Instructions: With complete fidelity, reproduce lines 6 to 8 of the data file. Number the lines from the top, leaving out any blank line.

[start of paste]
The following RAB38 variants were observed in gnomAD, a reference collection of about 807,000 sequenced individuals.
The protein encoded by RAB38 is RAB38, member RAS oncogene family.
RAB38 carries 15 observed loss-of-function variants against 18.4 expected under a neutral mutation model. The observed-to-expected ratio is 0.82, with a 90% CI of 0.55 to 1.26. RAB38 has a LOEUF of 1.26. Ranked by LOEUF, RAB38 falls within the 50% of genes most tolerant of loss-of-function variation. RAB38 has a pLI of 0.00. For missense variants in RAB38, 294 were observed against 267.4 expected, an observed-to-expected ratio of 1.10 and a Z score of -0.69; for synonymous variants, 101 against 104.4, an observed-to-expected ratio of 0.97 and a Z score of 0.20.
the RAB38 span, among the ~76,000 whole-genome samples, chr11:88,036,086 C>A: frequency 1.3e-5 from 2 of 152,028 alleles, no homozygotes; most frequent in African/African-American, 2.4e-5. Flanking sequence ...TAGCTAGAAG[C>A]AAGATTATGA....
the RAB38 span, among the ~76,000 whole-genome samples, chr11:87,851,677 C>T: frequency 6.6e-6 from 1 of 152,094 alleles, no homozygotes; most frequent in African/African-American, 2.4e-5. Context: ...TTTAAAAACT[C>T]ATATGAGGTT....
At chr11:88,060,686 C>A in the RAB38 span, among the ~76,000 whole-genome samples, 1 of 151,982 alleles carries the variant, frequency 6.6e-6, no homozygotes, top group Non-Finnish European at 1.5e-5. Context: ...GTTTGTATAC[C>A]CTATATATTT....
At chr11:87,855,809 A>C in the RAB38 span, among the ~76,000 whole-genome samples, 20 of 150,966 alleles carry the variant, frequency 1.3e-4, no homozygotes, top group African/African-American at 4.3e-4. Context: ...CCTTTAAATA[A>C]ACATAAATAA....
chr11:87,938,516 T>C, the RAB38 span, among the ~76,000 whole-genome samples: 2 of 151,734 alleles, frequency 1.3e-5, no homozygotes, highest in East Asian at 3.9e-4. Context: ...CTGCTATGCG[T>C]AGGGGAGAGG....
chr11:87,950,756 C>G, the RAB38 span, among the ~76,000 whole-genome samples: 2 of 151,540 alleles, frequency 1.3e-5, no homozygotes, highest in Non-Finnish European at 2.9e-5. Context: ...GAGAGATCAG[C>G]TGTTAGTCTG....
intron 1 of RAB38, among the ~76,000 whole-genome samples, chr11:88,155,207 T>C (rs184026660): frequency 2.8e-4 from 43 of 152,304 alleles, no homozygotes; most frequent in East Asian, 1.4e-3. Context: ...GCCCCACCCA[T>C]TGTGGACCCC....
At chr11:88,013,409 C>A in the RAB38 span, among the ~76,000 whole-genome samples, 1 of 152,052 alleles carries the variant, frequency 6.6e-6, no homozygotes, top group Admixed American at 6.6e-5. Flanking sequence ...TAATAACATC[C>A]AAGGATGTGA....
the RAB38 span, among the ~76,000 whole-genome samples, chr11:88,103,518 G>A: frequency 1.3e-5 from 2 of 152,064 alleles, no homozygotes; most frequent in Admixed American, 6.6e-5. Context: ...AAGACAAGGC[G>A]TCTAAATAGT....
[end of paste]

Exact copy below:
At chr11:88,060,686 C>A in the RAB38 span, among the ~76,000 whole-genome samples, 1 of 151,982 alleles carries the variant, frequency 6.6e-6, no homozygotes, top group Non-Finnish European at 1.5e-5. Context: ...GTTTGTATAC[C>A]CTATATATTT....
At chr11:87,855,809 A>C in the RAB38 span, among the ~76,000 whole-genome samples, 20 of 150,966 alleles carry the variant, frequency 1.3e-4, no homozygotes, top group African/African-American at 4.3e-4. Context: ...CCTTTAAATA[A>C]ACATAAATAA....
chr11:87,938,516 T>C, the RAB38 span, among the ~76,000 whole-genome samples: 2 of 151,734 alleles, frequency 1.3e-5, no homozygotes, highest in East Asian at 3.9e-4. Context: ...CTGCTATGCG[T>C]AGGGGAGAGG....